“Fraud is now so common that its occurrence is no longer remarkable, only its scale,” according to experts at the Association of Certified Fraud Examiners (ACFE). “Any organization that fails to protect itself appropriately faces increased vulnerability to fraud.” Starkly put, employee dishonesty is more prevalent than we’d like to admit. Learn how to spot red flags, and use these steps to prevent business fraud at your company.


Types of insider fraud

The risk of insider fraud, better known as occupational fraud, permeates every industry, including education and religious and charitable organizations. Occupational fraud is typically divided into three types:

  • Asset misappropriation
  • Bribery/ corruption
  • Financial statement fraud

Asset misappropriation includes theft of inventory or money, check forgery, payroll fraud, and theft of services. It’s the most common type of fraud, occurring in 91 percent of fraud schemes according to AllBusiness. It’s also the least costly type of fraud.

Bribery and corruption occur in about 30 percent of fraud cases. These include the manipulation of contracts, the substitution of inferior goods, the handing out of bribes or kickbacks, and the institution of shell company schemes.

Financial statement fraud is the costliest form of fraud, despite being the least common: It makes up just 10 percent of fraud cases. Financial statement fraud involves manipulating financial statements in order to create financial wins for an individual or group, such as playing with stock prices, loan terms, or year-end bonuses.

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What does a typical fraud event cost?

Annual fraud losses and steps to prevent fraud

The typical organization loses five percent of its annual revenues to fraud, says ACFE and the Center for Forensic Economic Studies. The median loss from one case of occupational fraud is $150,000, but nearly a quarter of these occupational or insider fraud cases resulted in a loss upwards of $1 million. At the high end of the spectrum are median losses in wholesale trade at $450,000, agriculture/forestry/fishing/hunting at $300,000 or construction at $259,000. We hear a lot about employee theft at retail organizations, yet their average case is only $85,000. At the low end of the spectrum, as reported by ACFE, is education, at $62,000 per event.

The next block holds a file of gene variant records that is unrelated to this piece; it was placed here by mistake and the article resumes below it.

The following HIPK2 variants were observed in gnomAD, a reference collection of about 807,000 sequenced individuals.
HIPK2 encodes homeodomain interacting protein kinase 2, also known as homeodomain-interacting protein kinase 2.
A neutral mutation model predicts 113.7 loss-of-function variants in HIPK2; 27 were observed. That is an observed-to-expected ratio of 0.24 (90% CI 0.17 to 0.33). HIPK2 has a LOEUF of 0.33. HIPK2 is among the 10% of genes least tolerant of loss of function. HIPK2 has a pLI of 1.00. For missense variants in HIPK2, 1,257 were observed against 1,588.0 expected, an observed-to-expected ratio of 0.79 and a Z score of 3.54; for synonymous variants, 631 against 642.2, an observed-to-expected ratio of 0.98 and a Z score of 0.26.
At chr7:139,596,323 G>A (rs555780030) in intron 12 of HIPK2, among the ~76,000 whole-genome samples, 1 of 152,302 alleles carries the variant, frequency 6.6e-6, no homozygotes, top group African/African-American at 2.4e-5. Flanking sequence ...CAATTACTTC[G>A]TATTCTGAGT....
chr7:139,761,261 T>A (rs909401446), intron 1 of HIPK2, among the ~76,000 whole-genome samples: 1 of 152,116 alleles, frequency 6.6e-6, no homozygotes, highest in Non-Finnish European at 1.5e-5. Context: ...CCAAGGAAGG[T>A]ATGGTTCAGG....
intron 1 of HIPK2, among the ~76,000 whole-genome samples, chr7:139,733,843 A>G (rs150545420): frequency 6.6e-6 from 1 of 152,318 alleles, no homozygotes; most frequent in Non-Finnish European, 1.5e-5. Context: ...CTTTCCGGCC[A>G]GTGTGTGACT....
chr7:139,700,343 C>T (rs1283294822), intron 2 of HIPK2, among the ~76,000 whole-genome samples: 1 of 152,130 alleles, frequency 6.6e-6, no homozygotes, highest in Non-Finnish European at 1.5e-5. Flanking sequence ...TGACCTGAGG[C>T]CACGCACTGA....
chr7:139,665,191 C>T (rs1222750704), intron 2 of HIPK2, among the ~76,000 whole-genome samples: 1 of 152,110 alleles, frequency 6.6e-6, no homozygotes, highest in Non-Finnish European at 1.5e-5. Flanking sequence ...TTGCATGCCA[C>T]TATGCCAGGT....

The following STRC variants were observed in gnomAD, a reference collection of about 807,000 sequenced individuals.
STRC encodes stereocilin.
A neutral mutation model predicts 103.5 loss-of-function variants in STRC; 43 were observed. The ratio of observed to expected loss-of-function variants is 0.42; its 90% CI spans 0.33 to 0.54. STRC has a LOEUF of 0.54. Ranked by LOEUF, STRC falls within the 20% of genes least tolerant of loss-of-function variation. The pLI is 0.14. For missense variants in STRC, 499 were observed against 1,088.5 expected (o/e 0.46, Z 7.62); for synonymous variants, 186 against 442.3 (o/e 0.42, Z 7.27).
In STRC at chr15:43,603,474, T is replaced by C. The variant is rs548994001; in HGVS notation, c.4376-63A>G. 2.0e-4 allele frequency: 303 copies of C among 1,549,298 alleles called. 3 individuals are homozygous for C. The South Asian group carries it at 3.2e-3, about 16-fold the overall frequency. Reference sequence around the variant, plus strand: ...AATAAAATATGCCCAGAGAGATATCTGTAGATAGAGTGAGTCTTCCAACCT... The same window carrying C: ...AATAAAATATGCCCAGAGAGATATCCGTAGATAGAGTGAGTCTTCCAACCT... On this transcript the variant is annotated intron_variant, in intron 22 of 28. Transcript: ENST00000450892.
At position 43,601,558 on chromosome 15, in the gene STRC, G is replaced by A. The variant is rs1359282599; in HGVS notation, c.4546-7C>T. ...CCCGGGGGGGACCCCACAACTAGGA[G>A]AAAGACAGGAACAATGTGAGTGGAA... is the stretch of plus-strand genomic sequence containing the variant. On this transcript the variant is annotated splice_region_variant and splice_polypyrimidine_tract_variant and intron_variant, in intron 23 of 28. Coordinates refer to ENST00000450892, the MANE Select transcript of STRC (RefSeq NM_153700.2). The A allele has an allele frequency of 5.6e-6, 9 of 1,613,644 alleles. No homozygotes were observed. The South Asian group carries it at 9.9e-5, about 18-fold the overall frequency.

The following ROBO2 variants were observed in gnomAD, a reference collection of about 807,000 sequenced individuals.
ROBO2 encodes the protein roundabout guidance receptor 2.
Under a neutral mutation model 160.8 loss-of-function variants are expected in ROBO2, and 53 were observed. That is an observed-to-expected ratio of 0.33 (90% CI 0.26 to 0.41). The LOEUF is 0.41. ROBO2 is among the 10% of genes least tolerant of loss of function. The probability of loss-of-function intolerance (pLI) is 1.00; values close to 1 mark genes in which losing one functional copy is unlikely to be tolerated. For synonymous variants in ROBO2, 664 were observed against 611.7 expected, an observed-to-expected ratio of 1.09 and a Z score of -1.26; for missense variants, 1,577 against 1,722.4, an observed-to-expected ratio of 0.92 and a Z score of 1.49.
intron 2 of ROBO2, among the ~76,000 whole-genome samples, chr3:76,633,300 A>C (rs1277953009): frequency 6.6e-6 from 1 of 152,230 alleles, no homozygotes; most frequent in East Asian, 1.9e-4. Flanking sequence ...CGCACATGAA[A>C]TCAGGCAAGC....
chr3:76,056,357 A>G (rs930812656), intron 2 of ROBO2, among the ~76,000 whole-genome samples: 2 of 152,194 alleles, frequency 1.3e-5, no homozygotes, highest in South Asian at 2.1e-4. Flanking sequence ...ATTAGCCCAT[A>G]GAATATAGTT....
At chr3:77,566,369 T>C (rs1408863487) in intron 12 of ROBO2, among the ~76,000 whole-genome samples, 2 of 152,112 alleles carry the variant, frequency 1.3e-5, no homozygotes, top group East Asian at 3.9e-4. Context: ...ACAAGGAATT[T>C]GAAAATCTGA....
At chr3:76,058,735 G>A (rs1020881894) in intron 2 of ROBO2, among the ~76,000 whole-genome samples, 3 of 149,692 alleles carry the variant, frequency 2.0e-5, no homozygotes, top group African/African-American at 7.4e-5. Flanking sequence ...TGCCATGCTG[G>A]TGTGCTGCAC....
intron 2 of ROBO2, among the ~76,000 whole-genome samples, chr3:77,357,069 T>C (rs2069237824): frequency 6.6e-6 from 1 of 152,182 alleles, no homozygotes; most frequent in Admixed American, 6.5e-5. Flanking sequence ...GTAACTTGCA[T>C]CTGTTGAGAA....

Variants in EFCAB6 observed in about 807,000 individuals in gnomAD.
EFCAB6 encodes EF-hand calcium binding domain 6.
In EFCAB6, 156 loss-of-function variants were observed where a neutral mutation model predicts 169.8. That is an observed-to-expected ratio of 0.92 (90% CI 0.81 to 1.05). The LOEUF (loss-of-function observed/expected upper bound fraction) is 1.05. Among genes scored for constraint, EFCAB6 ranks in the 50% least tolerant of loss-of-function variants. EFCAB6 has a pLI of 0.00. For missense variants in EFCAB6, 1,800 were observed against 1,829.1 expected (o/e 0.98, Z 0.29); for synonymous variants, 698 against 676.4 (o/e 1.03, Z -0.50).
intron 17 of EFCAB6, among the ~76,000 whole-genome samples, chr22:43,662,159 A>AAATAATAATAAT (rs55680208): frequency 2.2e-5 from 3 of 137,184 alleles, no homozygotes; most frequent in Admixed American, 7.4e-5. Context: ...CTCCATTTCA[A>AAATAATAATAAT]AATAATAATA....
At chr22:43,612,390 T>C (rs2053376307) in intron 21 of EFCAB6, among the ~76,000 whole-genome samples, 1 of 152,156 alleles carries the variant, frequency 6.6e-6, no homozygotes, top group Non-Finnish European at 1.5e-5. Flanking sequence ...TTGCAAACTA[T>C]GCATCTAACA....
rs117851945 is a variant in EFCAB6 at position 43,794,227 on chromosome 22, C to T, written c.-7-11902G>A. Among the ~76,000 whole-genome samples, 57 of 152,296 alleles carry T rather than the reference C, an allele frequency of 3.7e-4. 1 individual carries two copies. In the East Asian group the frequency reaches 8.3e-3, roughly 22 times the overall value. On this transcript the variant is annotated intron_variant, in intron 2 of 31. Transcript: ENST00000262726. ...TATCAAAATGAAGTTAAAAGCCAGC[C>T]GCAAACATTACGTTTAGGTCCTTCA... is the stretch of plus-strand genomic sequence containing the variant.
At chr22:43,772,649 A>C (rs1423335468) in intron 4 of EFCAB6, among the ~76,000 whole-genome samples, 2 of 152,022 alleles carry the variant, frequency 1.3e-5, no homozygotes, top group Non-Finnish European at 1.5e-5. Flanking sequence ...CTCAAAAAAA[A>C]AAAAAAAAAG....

Where fraud exists and steps to prevent fraud

Their studies also show that the more conspirators involved in a fraud event, the higher the losses: one person defrauds their company of an average of $65,000; two people, $150,000; five or more people, $633,000.

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Why are small businesses more vulnerable?

If you own or manage a small business (i.e., a business employing fewer than 100 people), know this: nearly one-third of fraud cases occur in small businesses. Even scarier, 60 percent of these companies didn’t recover any of their losses – and their median loss is $150,000. According to Utica University’s Financial Crime and Compliance Management program, top fraud risks for small businesses are:

  • Workers’ comp fraud
  • Check tampering
  • Revenue skimming
  • Payroll fraud
  • Vendor billing fraud

We all think it won’t happen to us. Our employees like us; no one would cheat us. We like to think we keep a close eye on the books and take basic steps to prevent fraud. And our head-in-the-sand attitude costs us dearly: companies without anti-fraud controls suffered twice the losses of those that had controls in place. These controls are:

  • Management review
  • Proactive data monitoring and analysis
  • An employee hotline
Small business fraud and steps to prevent fraud


Steps to prevent business fraud

Here are some steps you can take to prevent fraud at your company:

1. Establish a code of ethics for management and employees, and have each employee sign the document.

2. Evaluate your internal controls for effectiveness and identify areas that may be vulnerable.

3. Institute more checks and balances, such as:

  • Adding an audit department and/or an independent audit committee
  • Requiring management review and certification of financial statements
  • Requiring a consistent external audit of both financial statements and of your internal controls over financial reporting
  • Conducting random surprise audits
  • Instituting mandatory vacations or job rotation

4. Hone your hiring procedures. Conduct thorough background checks that include educational, credit and employment history, plus references.

5. Create a tip line. ACFE says fraud is most likely to be detected by a tip, so provide an anonymous reporting system for employees, contractors and clients.

6. Communicate your stance on fraud – consistently. This is perhaps the most crucial of steps to prevent business fraud. Remind staff of your anti-fraud policies and potential consequences, and that your tip line is anonymous and easy to use. Consider anti-fraud training for executives, managers, and employees.

It’s difficult to have to acknowledge, but sometimes you need to protect your business from your employees. Take a proactive step: check out the ACFE’s fraud prevention checkup booklet to learn more.

This blogpost originally ran on Arrowhead’s corporate blog. It has been modified and updated to better fit the needs of PGCS’s clients.